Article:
Do you remember a little while ago we were talking about coincidence, and whether or not it had a place in literature?
When I began this blog about two months back it was with the utmost certainty that I would not include anything outside of writing life here. It soon became clear to me that it is near to impossible to write about oneself and writing a few times per week and not have tidbits of life seep in.
Yesterday morning I left the pool early in order to get ready for the funeral of a much loved mother and grandmother. My grandfather was being re-admitted to the hospital that same morning. A friend questioned me, and said “Ah, things always come in threes.”
But, this was only two, where was the third?
Lo and behold as I was driving on the highway the traffic came to a complete stop. Up ahead I saw a collision. As I got closer I saw it was a three car accident. One car had been sandwiched between a large van and another car; it had crashed head on with the medium. A man was pacing the highway with no shoes. Another was kneeling in the backseat, assisting an elderly woman and a young girl. They had injuries, but I do not know to what extent.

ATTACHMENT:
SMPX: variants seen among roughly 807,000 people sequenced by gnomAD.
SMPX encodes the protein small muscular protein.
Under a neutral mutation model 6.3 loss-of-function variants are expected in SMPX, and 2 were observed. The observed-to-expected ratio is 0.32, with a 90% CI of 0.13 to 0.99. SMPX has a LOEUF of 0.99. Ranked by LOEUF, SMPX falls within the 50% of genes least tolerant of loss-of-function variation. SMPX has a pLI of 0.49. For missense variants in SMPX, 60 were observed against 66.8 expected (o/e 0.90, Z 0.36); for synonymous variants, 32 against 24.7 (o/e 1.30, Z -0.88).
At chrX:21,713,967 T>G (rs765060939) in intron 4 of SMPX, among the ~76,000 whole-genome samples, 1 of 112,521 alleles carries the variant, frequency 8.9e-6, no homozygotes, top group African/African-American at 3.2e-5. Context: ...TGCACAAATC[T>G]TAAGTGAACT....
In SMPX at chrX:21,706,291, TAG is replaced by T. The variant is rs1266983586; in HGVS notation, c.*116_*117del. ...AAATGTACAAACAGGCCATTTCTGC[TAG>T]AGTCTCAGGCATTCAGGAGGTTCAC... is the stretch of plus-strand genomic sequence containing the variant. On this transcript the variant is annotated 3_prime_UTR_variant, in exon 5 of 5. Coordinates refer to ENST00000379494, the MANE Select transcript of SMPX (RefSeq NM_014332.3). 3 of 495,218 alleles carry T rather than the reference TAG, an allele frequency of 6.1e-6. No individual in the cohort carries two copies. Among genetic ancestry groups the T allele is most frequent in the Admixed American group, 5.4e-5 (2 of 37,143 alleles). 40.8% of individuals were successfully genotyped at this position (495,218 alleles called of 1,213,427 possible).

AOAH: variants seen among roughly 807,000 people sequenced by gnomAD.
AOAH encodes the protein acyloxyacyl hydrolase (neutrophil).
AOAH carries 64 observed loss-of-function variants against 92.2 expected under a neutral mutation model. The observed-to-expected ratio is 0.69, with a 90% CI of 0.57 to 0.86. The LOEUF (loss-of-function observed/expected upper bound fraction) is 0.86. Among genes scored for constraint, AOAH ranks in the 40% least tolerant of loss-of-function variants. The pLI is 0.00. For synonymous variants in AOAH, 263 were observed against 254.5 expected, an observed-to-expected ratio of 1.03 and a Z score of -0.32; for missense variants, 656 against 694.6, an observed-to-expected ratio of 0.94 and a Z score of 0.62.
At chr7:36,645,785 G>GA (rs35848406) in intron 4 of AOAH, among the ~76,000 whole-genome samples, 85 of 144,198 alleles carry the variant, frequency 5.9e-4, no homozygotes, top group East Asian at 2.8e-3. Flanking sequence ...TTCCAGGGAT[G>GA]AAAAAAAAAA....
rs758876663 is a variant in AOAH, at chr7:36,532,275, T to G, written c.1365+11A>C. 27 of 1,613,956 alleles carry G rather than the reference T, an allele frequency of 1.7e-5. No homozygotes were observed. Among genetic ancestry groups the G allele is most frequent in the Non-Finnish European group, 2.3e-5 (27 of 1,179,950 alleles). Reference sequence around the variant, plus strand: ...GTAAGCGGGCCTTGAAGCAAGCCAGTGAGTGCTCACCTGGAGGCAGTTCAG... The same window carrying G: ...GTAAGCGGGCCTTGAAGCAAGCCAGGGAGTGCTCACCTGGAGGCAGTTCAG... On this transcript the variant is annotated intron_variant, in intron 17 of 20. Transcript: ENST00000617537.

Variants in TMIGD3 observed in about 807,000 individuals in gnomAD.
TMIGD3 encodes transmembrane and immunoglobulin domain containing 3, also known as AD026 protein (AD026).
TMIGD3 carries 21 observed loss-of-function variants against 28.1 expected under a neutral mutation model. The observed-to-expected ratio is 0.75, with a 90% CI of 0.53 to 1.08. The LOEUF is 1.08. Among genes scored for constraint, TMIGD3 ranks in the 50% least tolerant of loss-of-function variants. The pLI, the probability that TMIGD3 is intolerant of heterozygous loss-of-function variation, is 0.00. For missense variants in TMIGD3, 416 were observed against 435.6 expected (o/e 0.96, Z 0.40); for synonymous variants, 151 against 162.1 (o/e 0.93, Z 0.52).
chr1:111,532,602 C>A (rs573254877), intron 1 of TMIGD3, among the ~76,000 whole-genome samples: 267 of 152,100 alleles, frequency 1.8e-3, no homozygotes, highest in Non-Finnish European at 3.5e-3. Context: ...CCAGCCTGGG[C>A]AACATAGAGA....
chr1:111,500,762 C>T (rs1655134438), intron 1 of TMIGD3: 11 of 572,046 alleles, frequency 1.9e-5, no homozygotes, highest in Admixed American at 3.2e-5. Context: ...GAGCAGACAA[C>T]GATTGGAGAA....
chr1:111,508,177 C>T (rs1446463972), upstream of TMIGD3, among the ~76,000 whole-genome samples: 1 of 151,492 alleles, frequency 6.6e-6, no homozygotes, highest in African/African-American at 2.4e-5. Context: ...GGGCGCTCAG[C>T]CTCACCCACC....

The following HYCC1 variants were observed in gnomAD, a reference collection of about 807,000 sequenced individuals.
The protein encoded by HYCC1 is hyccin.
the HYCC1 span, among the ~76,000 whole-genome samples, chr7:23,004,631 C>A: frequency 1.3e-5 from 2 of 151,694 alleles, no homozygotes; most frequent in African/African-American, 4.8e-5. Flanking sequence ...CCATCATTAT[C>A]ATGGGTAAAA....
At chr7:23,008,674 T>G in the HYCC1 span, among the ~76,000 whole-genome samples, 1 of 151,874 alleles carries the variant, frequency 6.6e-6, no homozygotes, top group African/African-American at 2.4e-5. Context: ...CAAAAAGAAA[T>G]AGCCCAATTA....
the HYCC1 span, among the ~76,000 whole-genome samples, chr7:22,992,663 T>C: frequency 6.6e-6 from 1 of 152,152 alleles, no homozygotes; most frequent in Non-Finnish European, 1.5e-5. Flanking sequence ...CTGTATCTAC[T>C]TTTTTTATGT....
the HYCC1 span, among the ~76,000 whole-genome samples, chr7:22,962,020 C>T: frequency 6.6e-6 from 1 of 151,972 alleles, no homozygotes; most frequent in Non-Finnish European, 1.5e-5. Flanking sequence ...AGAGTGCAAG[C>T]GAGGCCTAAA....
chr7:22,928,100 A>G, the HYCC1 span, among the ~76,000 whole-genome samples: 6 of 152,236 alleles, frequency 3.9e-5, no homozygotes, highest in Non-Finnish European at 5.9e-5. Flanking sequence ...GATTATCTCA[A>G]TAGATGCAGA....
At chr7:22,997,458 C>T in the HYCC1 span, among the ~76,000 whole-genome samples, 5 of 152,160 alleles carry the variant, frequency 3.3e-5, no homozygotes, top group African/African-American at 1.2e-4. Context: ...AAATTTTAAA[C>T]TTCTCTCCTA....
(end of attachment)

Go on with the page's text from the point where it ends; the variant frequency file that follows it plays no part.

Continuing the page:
We’ve discussed the need to write quite a bit on this blog, and this was one of those times where I suffered strongly with this need. Yet I thought, this story is just too full, it would be unrealistic. Every time I have read about 3s in a story I have rolled my eyes.
I still have not wrote a single word about that experience (until now, I realize). Something felt off, and I chalked it up to coincidence. Yet, this morning, I found out the reason was because I was still missing a piece of the puzzle. And that was the six brave souls who spent a night by their mother’s graveside on her first night of occupancy. Now, my story was complete. Immediately I wondered if it was wrong to view this suffering as a story, but then, all of life is but stories.
I wondered if writing would be a way of committing it to memory, or a way of sorting it out in my head – a sort of self-exploration, and then I thought perhaps it would be a form of escape. Escape into fiction, even if it is only fictionalized life. Maybe it is all of the above.
In times of distress, or grieving, what solace do you think writing can offer?